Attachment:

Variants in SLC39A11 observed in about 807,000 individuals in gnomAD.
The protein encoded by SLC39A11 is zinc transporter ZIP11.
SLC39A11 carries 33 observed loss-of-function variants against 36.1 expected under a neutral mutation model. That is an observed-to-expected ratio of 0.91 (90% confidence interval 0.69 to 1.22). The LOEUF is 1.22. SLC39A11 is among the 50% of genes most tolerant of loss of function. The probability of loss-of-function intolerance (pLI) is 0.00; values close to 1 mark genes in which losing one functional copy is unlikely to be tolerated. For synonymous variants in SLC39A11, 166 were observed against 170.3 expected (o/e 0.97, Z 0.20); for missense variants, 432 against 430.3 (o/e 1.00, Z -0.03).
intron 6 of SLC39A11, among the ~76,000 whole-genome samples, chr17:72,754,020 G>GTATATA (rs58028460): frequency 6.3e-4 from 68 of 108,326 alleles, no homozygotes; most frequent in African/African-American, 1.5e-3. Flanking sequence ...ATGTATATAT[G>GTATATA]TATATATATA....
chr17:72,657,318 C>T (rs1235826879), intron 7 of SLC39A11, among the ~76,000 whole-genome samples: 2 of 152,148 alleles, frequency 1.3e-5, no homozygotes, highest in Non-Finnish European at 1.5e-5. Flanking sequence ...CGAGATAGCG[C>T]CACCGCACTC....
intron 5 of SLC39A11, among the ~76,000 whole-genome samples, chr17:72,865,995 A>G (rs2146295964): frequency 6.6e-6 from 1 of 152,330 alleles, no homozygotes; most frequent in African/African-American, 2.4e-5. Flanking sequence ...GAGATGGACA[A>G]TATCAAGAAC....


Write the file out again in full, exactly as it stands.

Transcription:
Variants in SLC39A11 observed in about 807,000 individuals in gnomAD.
The protein encoded by SLC39A11 is zinc transporter ZIP11.
SLC39A11 carries 33 observed loss-of-function variants against 36.1 expected under a neutral mutation model. That is an observed-to-expected ratio of 0.91 (90% confidence interval 0.69 to 1.22). The LOEUF is 1.22. SLC39A11 is among the 50% of genes most tolerant of loss of function. The probability of loss-of-function intolerance (pLI) is 0.00; values close to 1 mark genes in which losing one functional copy is unlikely to be tolerated. For synonymous variants in SLC39A11, 166 were observed against 170.3 expected (o/e 0.97, Z 0.20); for missense variants, 432 against 430.3 (o/e 1.00, Z -0.03).
intron 6 of SLC39A11, among the ~76,000 whole-genome samples, chr17:72,754,020 G>GTATATA (rs58028460): frequency 6.3e-4 from 68 of 108,326 alleles, no homozygotes; most frequent in African/African-American, 1.5e-3. Flanking sequence ...ATGTATATAT[G>GTATATA]TATATATATA....
chr17:72,657,318 C>T (rs1235826879), intron 7 of SLC39A11, among the ~76,000 whole-genome samples: 2 of 152,148 alleles, frequency 1.3e-5, no homozygotes, highest in Non-Finnish European at 1.5e-5. Flanking sequence ...CGAGATAGCG[C>T]CACCGCACTC....
intron 5 of SLC39A11, among the ~76,000 whole-genome samples, chr17:72,865,995 A>G (rs2146295964): frequency 6.6e-6 from 1 of 152,330 alleles, no homozygotes; most frequent in African/African-American, 2.4e-5. Flanking sequence ...GAGATGGACA[A>G]TATCAAGAAC....